First I’d like to make a clarification. The whole system is devised to include checks and balances and a division of powers. For instance, I have to answer to the Council for the Economy, rather than it being just an advisory board for me. There are senior, competent, international lay people on these boards, who are much more likely to insist on proper procedures and an appropriate level of independence. We’re not endeavoring to centralize the system.
Having said that, we do now have the authority to implement these systems. We’ll continue doing it as long as Pope Francis is with us, and right now he’s looking extremely healthy.
What are the next steps?
We need to set up APSA [Administration of the Patrimony of the Apostolic See, which currently administers the Vatican’s real estate and investment portfolio] as the Treasury of the Holy See. We need to get the Vatican Asset Management office up and running. We have to appoint an independent auditor, which is a very important consideration, which we’ll try to do before the end of the year.
Beyond those things, we need to get leaders into the new positions that have been created, and we have to persuade the many good people in the Vatican to cooperate.
How is the cooperation so far?
It’s not going too badly at all. Most of the people in the Vatican are thoroughly good, and they realize that in many ways the old world couldn’t go on. We’ve promised to consult with them and to share information with them, and most are responding well.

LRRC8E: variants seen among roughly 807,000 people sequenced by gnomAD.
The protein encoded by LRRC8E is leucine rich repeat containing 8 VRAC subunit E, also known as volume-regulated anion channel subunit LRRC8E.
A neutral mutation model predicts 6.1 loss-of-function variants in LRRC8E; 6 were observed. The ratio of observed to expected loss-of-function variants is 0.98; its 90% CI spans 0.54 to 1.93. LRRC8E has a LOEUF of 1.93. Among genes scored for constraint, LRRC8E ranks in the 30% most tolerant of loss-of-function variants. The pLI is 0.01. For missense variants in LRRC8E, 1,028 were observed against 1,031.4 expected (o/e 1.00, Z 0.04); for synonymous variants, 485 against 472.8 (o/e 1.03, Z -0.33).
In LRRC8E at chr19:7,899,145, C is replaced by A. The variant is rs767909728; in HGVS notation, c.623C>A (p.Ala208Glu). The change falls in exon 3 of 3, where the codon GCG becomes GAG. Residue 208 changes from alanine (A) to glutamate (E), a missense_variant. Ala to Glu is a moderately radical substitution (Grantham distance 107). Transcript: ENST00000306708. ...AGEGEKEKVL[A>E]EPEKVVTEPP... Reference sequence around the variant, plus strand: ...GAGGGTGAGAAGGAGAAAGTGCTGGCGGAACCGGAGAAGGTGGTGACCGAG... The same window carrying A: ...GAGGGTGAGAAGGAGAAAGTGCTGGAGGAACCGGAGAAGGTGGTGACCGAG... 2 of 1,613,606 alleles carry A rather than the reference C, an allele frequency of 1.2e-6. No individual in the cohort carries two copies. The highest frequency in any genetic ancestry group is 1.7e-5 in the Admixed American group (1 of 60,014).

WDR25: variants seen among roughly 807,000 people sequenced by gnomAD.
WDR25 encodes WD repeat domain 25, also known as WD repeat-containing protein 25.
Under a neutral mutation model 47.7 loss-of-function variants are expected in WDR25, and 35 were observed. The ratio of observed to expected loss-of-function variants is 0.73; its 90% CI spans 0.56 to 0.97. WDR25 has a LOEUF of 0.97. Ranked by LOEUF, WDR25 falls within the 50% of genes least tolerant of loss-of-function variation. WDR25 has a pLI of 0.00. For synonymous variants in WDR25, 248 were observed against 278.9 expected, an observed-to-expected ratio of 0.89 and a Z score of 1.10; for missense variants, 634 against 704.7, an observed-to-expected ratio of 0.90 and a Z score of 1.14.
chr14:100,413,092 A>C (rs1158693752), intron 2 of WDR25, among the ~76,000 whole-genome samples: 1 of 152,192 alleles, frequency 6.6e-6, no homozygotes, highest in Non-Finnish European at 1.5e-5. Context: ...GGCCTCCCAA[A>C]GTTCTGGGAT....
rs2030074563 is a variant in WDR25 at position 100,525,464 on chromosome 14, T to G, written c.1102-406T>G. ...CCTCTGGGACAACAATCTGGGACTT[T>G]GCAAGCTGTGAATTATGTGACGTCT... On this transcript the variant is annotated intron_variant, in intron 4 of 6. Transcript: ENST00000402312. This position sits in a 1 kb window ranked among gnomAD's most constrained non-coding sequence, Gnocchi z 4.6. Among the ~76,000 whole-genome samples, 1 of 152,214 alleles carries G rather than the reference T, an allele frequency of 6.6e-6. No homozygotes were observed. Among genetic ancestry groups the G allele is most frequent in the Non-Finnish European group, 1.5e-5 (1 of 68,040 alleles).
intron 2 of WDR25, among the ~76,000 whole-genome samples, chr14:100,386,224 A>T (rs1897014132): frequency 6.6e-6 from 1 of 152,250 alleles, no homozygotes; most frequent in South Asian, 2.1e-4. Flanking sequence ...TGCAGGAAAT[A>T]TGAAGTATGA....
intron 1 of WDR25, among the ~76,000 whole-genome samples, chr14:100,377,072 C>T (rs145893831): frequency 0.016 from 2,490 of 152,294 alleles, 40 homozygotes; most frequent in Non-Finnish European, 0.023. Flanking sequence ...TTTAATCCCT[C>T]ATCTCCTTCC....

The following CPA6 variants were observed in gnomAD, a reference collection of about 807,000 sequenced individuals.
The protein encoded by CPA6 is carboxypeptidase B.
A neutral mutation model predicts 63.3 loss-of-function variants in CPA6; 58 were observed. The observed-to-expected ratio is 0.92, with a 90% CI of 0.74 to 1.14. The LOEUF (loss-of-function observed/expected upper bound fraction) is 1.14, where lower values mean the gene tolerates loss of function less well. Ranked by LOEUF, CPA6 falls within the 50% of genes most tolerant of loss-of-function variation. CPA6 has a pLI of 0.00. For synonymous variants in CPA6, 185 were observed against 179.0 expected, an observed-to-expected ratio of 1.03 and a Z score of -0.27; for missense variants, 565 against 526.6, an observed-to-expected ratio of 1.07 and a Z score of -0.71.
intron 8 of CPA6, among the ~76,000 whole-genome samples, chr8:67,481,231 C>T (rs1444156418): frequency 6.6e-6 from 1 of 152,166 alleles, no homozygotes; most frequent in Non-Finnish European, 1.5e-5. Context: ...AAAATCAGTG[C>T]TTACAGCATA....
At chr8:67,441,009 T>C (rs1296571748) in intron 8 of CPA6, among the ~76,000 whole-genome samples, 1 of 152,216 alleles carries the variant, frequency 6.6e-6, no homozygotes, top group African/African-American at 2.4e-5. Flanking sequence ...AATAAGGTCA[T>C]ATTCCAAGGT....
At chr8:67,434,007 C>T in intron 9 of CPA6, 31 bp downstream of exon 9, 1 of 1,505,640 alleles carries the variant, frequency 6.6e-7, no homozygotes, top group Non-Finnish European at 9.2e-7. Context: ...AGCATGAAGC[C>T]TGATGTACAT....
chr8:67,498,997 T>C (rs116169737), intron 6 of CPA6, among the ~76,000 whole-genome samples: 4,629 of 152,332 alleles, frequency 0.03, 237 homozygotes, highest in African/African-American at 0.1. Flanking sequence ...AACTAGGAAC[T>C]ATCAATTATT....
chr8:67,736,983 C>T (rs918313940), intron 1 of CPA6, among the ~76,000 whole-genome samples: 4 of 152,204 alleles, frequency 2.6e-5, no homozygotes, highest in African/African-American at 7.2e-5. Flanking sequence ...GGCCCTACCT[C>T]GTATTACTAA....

I spoke this morning with the staff of the ordinary section of APSA, and they seemed genuinely pleased to see me. It was a contrast with the first time I met them, shortly after I was appointed in February, when they were very cautious indeed.
What about blowback from an Italian old guard?
There’s sadness and a bit of antagonism in some quarters, that’s for sure.
How do you deal with it?
By listening to their complaints and explaining what we’re trying to do. We also need to make sure there’s a significant percentage of Italians in the new leadership, because we’re very dependent on their cooperation. In general, we’re trying to spread accurate information and to dialogue as much as possible. Actually, I suspect the extent to which we’re putting information is something of a novelty.
Where will the new Vatican Asset Management office be located?
We’re not quite sure, whether it will be with the Vatican bank, with APSA, or somewhere else. De Franssu has said that it’s a work in progress. … Over time, the asset management office will come to manage the Vatican’s reserves, meaning monies not needed for day-to-day operations.
To whom will it report?
It will answer to me.
What’s its goal?
The ambition is that by putting the various funds together, we’ll have a bigger base sum and be able to get a better return. If we get it going well, I suspect quite a number of people will want to join us.
Religious congregations and dioceses … it’s not envisaged that individuals will be able to join. One point to clarify is that we’re talking about managing investment of assets. Ownership will remain with whoever currently owns the funds.
What sort of staffing will it require?
I don’t know. I imagine a percentage will be brought in from other places around the Vatican, beginning with the bank and with APSA.
What does it mean to say that APSA will become the “treasury” or “central bank” for the Vatican?
It means they’ll be responsible for keeping a supply of cash coming into the Vatican to ensure its financial stability and liquidity. The idea is to make sure there’s enough money to keep the place going.